A sermon offered at First Parish Dorchester October 1, 2017 By Rev. Tricia Brennan

Forgiveness is a value-laden topic if there ever was one. There are tenets and stories of forgiveness are in all religions. We bring lots of emotion and experience to the topic. I want to begin today not with values or rules to live by or stories but in the value neutral place of science.

Michael McCullough is a psychology professor at the University of Miami. In his recent book, Beyond Revenge, he analysed extensive data from social scientific studies on humans and animals as well as biology and brain chemistry to offer new insights to forgiveness and also revenge.

His posits that when we are hurt by another, a strong instinctive desire for revenge arises in us. We are hard-wired for it. When brain studies are done, the part of the brain that lights up when we are thirsty and about to get a drink or hungry and about to get a slice of pizza is the same part that lights up when we are hurt and seek revenge.

It makes us sound animalistic, I suppose, or driven, compulsed. Or it could be seen as purposeful.

Before there were police states or governments or legal systems, much of human life was tribal. Knowing that retaliation would follow an offense served to stem anarchy and modulate the retaliatory response. Revenge was the original criminal justice system – rough justice as it was.

It helps to look at revenge not as the shadow side of human nature but as the natural response, along with anger, to injustice.
This same line of thinking applies to forgiveness. Forgiveness too is normal and purposeful. We have an instinct for forgiveness that serves the common good, just as revenge does. We actually forgive all the time. A colleague forgets to bring in a promised book or file, our child accidentally breaks a treasured heirloom, a neighbor neglects, once again, to put the lid securely on the trash can and the next morning the trash is strewn into our yard. If we were to make a big deal out of all those offenses it would hard to carry on our day. We’d be bogged down in the minutiae of acrimony and accusations, and pretty miserable with all the arguments and anger stirred up by our need to set things right.

We forgive numerous small insults, errors and slights that come our way so as to work cooperatively with other people. That’s actually a pretty big deal, and it is one of the hallmarks of us humans, that we can achieve much because we don’t get mired in conflict. We can work together to grow food, create an orchestra, form a church, write the Constitution.

McCullough’s work encourages us to accept the normalcy of our instincts both to revenge and forgive, for in doing so we have more control over both. Which leads to the question – what does enable us to forgive more and take revenge less? And how do religious institutions and traditions assist this process?

What helps us forgive? We are more likely to forgive someone we value. We value our children and forgive them the countless sleepless nights they cause us, the crayon marks on the wall, the harsh words flung at us in anger – we forgive without a second thought, and consequently the human race carries on. We value our paycheck and are more likely to forgive co-workers or bosses for their mistakes and shortcomings so as to continue to work together successfully. I don’t mean just ignoring their blunders or offenses in the “get along to go along” style, but genuinely trying to understand where they are coming from, why they might have the shortcomings they have, and to accept an apology when offered. We value our friends and are willing to forgive a hurt because we want the friendship to continue.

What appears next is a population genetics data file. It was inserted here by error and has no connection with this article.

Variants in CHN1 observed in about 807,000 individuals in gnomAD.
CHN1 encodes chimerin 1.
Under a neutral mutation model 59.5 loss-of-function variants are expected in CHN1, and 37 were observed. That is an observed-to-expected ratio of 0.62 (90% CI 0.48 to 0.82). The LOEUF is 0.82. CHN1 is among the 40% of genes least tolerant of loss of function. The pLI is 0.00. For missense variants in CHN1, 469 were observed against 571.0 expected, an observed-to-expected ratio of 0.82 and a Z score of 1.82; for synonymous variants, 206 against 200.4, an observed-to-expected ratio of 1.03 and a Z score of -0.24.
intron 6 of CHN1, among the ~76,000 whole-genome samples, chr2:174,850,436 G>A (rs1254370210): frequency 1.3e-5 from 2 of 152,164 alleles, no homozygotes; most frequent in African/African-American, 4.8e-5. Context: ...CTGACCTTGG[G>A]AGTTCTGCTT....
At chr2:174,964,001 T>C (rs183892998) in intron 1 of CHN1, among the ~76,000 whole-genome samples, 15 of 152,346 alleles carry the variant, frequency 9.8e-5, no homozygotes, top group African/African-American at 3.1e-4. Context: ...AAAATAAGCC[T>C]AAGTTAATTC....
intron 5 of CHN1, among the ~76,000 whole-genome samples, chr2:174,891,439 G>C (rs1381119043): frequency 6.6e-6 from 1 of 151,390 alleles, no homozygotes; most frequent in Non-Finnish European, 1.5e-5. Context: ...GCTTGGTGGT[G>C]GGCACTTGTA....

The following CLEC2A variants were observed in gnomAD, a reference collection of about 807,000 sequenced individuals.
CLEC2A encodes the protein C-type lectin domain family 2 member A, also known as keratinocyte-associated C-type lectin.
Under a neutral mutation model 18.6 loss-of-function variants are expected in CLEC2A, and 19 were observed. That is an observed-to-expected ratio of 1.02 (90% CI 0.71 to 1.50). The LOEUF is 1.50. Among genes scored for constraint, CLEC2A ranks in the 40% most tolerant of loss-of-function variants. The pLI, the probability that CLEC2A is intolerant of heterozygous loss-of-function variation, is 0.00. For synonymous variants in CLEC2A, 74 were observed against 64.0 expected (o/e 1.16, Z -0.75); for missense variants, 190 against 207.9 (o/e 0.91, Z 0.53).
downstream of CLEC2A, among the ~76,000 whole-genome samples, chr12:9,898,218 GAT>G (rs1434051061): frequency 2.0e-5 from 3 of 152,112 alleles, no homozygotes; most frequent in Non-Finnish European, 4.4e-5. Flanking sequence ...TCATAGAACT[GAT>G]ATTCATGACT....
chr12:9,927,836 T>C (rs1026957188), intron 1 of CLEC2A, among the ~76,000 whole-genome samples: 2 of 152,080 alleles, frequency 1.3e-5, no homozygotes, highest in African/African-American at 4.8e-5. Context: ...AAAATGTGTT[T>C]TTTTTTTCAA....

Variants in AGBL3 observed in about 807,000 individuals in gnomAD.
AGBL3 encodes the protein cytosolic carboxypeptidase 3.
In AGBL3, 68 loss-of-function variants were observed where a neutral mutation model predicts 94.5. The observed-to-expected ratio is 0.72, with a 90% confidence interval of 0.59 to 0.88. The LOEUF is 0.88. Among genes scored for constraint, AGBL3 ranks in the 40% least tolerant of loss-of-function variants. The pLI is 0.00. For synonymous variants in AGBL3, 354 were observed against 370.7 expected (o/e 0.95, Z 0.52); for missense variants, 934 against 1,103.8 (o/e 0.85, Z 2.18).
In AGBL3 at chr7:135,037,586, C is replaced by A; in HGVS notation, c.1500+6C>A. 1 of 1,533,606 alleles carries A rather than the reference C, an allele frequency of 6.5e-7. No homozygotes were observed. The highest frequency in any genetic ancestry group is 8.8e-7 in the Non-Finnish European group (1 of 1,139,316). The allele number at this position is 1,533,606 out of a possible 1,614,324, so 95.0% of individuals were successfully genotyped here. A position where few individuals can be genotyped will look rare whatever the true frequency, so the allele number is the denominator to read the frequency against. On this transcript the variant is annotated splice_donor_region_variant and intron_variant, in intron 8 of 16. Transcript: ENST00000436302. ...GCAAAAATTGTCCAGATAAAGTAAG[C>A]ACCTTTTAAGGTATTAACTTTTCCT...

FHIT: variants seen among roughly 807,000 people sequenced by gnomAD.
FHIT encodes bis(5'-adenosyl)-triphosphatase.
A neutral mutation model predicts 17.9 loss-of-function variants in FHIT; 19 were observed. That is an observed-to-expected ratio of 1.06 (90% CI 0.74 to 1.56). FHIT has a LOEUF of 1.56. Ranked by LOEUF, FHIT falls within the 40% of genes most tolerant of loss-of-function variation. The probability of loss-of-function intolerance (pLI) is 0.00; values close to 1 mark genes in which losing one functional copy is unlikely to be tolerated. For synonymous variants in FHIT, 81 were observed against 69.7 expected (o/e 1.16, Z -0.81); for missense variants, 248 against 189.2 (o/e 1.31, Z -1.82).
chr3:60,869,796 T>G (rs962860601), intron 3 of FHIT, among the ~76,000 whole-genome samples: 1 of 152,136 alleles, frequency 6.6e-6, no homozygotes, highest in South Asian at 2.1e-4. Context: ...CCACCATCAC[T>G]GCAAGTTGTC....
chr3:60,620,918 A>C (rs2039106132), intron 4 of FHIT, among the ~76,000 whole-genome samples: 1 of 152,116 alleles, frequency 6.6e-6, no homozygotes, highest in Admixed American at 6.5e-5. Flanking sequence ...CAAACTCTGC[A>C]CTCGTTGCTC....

We forgive more easily those whom we value. Religious traditions stretch our understanding of the word value from a self-oriented perspective of what is of value to me, to a simple powerful belief that all people have value. We hear that in the Unitarian Universalist first principle of the inherent worth and dignity of all people, and we hear that echoed in all faiths: we are all children of God, human life is sacred, no one person or people are intrinsically better than others. Human beings have value just because we are human and alive. Teachings on the value of all humanity as well as stories, midrash, parable, songs, prayers and rituals help us see, know and honor the dignity of “the other”, whether enemy or friend, neighbor or stranger.

We forgive more easily when we feel safe. So if someone apologizes in a way that seems sincere and we are trust that they won’t harm us again, we’re likely to forgive. And it does helps us forgive when someone apologizes. Seeing someone feel bad for what they have done, knowing that they realize how you felt, sincerely asking to be forgiven- these things so often go right to our heart. We can be amazed sometimes at how we can forgive a person we never thought we could by the simple act of their sincerely spoken apology.

Those conversations aren’t easy, especially for the one seeking forgiveness, and sometimes people think they can’t do it, they can’t find the words, or they won’t be forgiven. It seems an insurmountable barrier – this asking for forgiveness thing.
When our daughter was young her father and I at first did not insist she apologize to her friends if she hurt their feelings. We’d seen enough forced apologies- hers and others – and they looked pretty rote – an “I’m sorry” tossed off and then back into melee. “But how will she learn to say she is sorry?” a good friend and fellow parent asked, and we began to look at things differently.
Yes, “I am sorry” are hard words to get out of our mouths, and really feeling the pain we cause another makes us feel lousy. Taking responsibility for what we have done – when it has hurt others – is a huge step. It is hard to do at any age. I am glad we were encouraged to start young with our daughter, because though apologies will always be hard and awkward, we do learn from doing it that it can amends can be made. We learn both from forgiving and being forgiven that our perceptions of the other can be mistaken. Apologies help change perception, they deepen empathy in people and offer us opportunities to be aware of our shortcoming and aware of our capacity to let go of hurt and anger. Learning to ask for and accept apologies preserves friendships, and makes them more authentic. Churches, by the way, are equally good places to practice forgiveness, as good as any child’s playground.